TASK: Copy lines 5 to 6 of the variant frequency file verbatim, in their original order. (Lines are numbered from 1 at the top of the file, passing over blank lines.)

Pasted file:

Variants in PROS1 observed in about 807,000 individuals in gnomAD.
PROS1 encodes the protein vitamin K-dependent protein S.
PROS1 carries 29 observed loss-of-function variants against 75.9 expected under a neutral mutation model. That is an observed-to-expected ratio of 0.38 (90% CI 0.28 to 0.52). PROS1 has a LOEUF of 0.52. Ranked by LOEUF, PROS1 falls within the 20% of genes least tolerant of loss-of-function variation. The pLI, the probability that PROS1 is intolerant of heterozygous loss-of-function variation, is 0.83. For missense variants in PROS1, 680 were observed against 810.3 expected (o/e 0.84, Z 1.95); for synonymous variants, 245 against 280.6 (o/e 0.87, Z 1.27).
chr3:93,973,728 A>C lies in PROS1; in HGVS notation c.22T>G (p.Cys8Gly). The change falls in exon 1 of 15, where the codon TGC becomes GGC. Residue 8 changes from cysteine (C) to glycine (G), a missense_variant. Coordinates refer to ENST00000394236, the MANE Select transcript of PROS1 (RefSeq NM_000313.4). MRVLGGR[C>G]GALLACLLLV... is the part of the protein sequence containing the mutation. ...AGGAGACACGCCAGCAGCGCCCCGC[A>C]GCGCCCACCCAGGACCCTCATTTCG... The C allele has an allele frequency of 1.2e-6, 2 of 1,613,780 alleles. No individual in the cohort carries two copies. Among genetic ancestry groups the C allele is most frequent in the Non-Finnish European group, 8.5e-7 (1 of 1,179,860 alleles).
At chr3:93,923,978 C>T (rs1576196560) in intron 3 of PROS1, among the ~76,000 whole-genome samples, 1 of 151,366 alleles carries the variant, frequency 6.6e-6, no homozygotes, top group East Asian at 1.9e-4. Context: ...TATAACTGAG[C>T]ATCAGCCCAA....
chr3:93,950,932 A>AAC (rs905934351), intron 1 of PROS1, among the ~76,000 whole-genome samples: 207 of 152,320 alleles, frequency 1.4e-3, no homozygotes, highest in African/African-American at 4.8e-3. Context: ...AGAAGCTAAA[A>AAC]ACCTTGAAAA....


At chr3:93,923,978 C>T (rs1576196560) in intron 3 of PROS1, among the ~76,000 whole-genome samples, 1 of 151,366 alleles carries the variant, frequency 6.6e-6, no homozygotes, top group East Asian at 1.9e-4. Context: ...TATAACTGAG[C>T]ATCAGCCCAA....
chr3:93,950,932 A>AAC (rs905934351), intron 1 of PROS1, among the ~76,000 whole-genome samples: 207 of 152,320 alleles, frequency 1.4e-3, no homozygotes, highest in African/African-American at 4.8e-3. Context: ...AGAAGCTAAA[A>AAC]ACCTTGAAAA....